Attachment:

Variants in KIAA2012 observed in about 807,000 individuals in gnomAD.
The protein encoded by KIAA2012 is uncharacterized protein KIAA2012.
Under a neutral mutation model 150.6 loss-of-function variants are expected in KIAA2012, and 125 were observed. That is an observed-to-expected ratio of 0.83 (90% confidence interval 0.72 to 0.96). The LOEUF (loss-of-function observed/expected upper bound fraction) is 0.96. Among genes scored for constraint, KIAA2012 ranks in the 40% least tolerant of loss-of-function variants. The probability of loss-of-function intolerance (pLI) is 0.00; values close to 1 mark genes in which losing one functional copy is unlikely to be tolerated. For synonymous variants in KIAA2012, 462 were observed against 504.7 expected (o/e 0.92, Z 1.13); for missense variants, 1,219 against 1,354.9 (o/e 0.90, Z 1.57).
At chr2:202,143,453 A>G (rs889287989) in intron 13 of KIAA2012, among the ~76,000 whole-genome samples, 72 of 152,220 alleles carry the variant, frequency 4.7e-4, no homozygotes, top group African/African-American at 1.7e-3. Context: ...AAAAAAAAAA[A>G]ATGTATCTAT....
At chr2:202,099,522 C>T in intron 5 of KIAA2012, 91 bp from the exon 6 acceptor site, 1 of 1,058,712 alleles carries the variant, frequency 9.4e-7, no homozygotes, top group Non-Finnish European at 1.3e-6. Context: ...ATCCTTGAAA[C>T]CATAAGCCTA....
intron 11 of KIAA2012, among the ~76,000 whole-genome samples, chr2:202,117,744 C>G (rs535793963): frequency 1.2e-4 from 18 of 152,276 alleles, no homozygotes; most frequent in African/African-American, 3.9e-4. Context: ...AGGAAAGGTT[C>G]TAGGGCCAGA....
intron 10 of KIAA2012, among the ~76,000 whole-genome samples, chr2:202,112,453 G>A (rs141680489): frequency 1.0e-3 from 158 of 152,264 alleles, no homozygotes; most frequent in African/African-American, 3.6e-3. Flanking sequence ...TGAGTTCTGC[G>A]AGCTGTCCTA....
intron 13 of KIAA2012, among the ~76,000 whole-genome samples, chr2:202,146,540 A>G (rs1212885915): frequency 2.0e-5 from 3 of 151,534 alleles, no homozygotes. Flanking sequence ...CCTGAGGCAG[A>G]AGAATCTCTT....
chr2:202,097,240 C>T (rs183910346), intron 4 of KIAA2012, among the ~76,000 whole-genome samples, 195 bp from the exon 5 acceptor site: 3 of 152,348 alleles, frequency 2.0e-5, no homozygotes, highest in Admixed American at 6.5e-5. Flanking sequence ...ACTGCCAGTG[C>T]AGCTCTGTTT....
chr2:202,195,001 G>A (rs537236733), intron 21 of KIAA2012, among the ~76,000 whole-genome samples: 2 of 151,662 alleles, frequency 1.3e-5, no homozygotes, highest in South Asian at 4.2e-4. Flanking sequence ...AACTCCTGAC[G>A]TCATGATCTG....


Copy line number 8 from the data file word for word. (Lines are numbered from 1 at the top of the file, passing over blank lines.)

intron 13 of KIAA2012, among the ~76,000 whole-genome samples, chr2:202,146,540 A>G (rs1212885915): frequency 2.0e-5 from 3 of 151,534 alleles, no homozygotes. Flanking sequence ...CCTGAGGCAG[A>G]AGAATCTCTT....